TikTok, an app I used to spend at least 45 minutes scrolling through before bed. Now it’s changed — for the worse.

My beloved TikTok, the app I used to spend endless hours delighted by, has changed. The emphasis on shopping and TikTok Shop ads has really bummed me out.There’s something else off – there’s a sameness, and less of the surprising whimsy that made it fun.

Something’s changed with TikTok; I know you feel it, too. I used to happily scroll for hours, finding weird new things I never knew I wanted to see, finding funny videos to send friends.

But something recently is off.

Let’s start with what deserves most of the blame: the TikTok Shop. When the Shop feature launched this fall, suddenly, my For You feed was flooded with posts of people selling stuff. It was disorienting: Shop posts have an orange label at the bottom, but it looks similar to the filter labels. For the first second or so of a Shop post, I’d be confused as to why this relatively boring video had shown up in my feed.

The emphasis on Shop content has two bad effects.

The first is the simple fact that I’m being shown lots more low-quality videos that I’m not actually interested in. I want drain-unclogging videos or a lady digging a tunnel under her house. Now I have to flip past three Shop posts to get those.

The second effect is more subtle but more devastating, in a way. The For You used to seem uncanny in how it would serve up content perfectly tailored to me. Now it feels like the algorithm is less a diagnostic tool of my soul and instead is assessing me as a potential consumer.

The Shop label and the filter label are easy to mix up.

It used to be that TikTok would try to convince me I had undiagnosed ADHD; now, it just insists I want to buy Halara brand pants. (Seriously, I cannot open the app without seeing the Halara pants.)

There are some other less definable things that feel less fun about TikTok. One is that it feels like I’m being surprised and delighted by whimsy less than I used to be. It used to seem like I was dropped into strange other dramas, more weird and random niches. Now it feels stagnant — it’s figured out what topics I like and it shows me more and more of those, what The New York Times recently described as being stuck on a cul-de-sac of TikTok’s infinite scroll.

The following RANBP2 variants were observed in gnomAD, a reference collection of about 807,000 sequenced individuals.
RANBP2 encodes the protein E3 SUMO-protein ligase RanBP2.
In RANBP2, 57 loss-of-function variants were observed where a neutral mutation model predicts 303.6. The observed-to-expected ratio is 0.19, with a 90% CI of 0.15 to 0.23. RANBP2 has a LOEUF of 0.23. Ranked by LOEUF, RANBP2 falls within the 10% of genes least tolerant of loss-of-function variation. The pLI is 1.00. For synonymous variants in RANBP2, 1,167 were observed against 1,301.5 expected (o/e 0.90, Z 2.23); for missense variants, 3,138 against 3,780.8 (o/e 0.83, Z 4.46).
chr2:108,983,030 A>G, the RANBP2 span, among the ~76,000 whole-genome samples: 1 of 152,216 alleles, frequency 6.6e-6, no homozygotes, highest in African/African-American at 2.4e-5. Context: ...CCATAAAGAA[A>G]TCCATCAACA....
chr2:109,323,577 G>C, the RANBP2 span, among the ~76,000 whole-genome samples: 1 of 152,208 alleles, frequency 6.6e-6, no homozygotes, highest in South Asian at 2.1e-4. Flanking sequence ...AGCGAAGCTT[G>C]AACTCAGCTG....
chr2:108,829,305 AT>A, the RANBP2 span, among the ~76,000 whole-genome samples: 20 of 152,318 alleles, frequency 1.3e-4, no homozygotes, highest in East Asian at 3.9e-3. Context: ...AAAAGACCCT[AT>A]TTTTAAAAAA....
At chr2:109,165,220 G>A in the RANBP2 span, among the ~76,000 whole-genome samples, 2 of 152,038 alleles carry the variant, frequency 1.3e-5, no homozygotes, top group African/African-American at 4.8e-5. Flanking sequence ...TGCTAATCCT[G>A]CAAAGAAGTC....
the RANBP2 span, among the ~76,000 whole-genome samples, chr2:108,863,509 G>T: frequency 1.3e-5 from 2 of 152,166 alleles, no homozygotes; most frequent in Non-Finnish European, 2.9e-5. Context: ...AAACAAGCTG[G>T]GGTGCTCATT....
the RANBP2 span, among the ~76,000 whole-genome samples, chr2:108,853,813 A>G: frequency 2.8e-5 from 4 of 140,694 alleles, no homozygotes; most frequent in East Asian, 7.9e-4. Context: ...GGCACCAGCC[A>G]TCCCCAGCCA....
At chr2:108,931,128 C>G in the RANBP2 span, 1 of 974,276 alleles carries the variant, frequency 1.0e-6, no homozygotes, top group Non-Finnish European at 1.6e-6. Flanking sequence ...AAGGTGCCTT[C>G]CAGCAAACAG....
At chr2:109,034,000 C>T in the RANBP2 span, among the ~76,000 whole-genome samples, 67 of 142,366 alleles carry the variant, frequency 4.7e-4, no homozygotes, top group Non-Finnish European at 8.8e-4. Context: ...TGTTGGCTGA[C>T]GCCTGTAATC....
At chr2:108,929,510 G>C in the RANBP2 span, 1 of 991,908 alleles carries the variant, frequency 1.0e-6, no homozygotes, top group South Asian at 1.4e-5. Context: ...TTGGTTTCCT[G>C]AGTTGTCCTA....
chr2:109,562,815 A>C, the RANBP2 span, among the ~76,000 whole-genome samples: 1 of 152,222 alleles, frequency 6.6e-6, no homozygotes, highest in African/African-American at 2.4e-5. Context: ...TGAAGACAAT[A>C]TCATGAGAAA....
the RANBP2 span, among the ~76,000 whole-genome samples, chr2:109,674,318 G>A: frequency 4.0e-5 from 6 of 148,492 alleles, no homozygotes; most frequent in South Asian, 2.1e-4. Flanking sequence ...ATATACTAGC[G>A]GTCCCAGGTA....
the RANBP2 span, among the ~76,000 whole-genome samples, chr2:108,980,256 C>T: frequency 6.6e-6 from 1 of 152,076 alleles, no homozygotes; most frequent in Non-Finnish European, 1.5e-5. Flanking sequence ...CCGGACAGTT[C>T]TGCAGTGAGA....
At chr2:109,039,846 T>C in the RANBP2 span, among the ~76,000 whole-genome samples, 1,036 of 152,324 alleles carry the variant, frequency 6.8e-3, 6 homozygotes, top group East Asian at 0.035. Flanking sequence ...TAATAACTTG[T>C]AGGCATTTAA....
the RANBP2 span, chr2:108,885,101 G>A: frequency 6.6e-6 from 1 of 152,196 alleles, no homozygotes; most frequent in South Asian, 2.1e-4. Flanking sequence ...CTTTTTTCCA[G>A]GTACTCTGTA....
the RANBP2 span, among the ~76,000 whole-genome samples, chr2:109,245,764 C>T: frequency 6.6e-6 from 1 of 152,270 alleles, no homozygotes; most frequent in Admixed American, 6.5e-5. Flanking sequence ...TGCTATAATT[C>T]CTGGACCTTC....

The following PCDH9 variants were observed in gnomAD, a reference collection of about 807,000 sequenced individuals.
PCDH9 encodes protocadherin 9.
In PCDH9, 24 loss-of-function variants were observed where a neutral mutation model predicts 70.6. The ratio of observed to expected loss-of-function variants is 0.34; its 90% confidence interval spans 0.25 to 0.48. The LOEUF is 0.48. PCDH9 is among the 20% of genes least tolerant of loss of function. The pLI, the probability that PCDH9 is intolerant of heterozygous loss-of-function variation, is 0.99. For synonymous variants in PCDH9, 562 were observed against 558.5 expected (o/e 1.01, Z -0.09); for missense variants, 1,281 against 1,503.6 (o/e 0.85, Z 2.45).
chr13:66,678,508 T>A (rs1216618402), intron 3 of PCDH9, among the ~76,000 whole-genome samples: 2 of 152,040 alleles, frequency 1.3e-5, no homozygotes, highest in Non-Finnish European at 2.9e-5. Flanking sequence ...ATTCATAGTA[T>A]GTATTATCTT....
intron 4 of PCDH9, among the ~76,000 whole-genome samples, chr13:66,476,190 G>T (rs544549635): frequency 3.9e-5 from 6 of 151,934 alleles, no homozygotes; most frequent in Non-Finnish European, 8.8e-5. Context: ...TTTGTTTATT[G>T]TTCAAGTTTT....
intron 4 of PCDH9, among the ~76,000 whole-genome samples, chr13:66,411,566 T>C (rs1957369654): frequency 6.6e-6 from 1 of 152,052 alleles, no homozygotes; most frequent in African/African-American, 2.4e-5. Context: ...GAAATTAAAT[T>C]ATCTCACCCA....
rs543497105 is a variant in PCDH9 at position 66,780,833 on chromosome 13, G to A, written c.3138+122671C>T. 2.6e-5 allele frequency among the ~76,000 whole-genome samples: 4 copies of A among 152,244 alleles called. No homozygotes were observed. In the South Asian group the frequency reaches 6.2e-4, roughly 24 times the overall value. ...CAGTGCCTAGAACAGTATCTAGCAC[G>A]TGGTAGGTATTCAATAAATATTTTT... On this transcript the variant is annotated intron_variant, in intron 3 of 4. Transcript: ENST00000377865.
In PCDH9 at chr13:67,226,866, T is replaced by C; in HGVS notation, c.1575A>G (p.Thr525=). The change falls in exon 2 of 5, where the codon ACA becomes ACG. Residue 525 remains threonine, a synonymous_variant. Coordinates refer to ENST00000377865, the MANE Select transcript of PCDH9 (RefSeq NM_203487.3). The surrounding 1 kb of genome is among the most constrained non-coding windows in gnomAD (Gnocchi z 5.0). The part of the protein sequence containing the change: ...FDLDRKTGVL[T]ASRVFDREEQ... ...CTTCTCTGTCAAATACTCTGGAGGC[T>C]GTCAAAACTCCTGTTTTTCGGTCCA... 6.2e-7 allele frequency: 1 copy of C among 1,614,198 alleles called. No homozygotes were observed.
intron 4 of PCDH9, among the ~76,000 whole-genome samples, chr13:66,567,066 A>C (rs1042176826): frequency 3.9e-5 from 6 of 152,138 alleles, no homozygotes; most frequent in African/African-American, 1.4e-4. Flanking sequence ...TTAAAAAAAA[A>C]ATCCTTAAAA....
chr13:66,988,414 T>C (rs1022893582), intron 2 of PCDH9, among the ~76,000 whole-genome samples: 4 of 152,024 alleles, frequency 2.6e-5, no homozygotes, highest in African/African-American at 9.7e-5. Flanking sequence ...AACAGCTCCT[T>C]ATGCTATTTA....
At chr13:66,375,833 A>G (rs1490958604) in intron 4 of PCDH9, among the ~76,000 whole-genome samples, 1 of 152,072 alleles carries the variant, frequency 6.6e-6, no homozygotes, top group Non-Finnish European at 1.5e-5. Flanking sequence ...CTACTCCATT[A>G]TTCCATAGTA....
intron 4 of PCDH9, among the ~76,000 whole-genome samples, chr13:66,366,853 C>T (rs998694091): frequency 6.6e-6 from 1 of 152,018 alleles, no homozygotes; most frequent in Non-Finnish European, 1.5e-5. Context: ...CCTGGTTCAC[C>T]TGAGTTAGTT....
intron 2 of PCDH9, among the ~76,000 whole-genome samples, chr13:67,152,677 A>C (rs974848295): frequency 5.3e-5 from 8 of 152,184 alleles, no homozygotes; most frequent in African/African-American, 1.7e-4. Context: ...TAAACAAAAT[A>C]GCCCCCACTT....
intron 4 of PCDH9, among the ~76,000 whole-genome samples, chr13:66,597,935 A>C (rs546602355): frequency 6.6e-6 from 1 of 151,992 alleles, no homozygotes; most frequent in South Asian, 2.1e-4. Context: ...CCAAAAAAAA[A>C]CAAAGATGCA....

Social platforms go through lifecycles and stages, and it may well be that TikTok has hit some sort of plateau of enjoyable fun. One harbinger of this is what Rebecca Jennings for Vox describes as trendbaiting — there’s this sort of knowing scramble to coin new microtrends like “loud budgeting” or “mob wife aesthetic” (which, as far as I can tell, exists mainly as a pretext for a discourse cycle lasting weeks that culminated in an inevitable video I saw Wednesday debating whether Italians are considered white).

Now I’m actually watching Reels?

In a truly twisted move, I’ve found myself more and more frequently spending time watching Instagram Reels. Reels is still way worse than TikTok: The content is awful and the algorithm is stupider. But in a demented way, it’s refreshing. TikTok was showing me too much of stuff I actually like; I wanted to see stuff I HATE — gym bros, hustle culture, trad wives, crunchy hippie freaks, corny couples. I need to feel the cringe just to feel something.

I hold out hope that TikTok recovers from this weird stumble. Maybe the shopping content will get tamped down after it was promoted so hard; maybe the ways people use it will change, maybe the pendulum will swing back toward weird.

Or maybe this is the beginning of the end; the Red Giant phase of a platform where whatever made it so addictive in the first place has now bloated it before it implodes.

Well, it was fun while it lasted.

Read the original article on Business Insider

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